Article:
Re: voiceless nasal consonants
|From:||Ray Brown <ray.brown@...>|
|Date:||Monday, December 20, 2004, 15:42|
On Saturday, December 18, 2004, at 09:24 , # 1 wrote:
> I was just talking to someone changing each voiced consonants for the
> voiceless equivalent (b=p, g=k, d=t) and I thought about the fact that I
> didn't know how was pronounced voiceless nasals.
> after I remarked that I don't even know and I've never heard about a
> language using such sounds.
Voiceless nasals do occur in English, but only as allophones of the normal
voiced ones; for example, in the words _small_ and _snail_ the /m/ and /n/
are de-voiced after the initial /s/.
> Does someone has knowledge about a tongue using voiceless nasals?
I'm told that intial |hn| in Icelandic is voiceless [n_0], and it is
thought that Old English |hn| was the same sound. I have also been told
that Burmese and some native American languages posses voiceless nasals -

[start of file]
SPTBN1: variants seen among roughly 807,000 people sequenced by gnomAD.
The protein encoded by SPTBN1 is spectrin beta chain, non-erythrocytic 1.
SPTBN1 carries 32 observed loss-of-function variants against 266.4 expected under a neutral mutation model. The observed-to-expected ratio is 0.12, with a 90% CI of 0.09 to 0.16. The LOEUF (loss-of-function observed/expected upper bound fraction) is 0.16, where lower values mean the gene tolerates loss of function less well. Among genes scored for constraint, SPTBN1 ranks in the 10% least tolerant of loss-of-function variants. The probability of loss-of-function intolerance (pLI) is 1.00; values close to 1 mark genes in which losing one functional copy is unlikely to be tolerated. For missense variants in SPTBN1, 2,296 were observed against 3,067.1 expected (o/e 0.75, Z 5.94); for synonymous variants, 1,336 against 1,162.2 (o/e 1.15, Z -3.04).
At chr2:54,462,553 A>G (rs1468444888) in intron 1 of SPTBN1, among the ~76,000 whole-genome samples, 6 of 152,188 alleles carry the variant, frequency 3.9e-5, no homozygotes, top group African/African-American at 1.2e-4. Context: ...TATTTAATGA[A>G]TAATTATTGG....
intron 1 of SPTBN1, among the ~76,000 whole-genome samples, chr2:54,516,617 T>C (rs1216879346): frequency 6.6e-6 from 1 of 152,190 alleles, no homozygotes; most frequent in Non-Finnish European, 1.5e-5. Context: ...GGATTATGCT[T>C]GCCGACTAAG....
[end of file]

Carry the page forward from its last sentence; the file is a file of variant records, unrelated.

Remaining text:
but I know no details.
Some books/ sites say that Welsh |mh|, |nh| and |ngh| are voiceless nasals;
they are not. They are /m/, /n/ and /N/ followed by /h/.
> I've been able to pronounce some but I've been unable to pronouce clearly
> difference between voiced and voiceless labiodental, retroflex, palatal
> velar nasals
> So I imagine voiceless nasals must be billabial or
Not necessarily so. Any nasal sound can be pronounced voiceless.
> Are there natlangs where it exists?
Yes, see above. There was some discussion about this on Conlang in
November - look in the archives.
Anything is possible in the fabulous Celtic twilight,
which is not so much a twilight of the gods
as of the reason." [JRRT, "English and Welsh" ]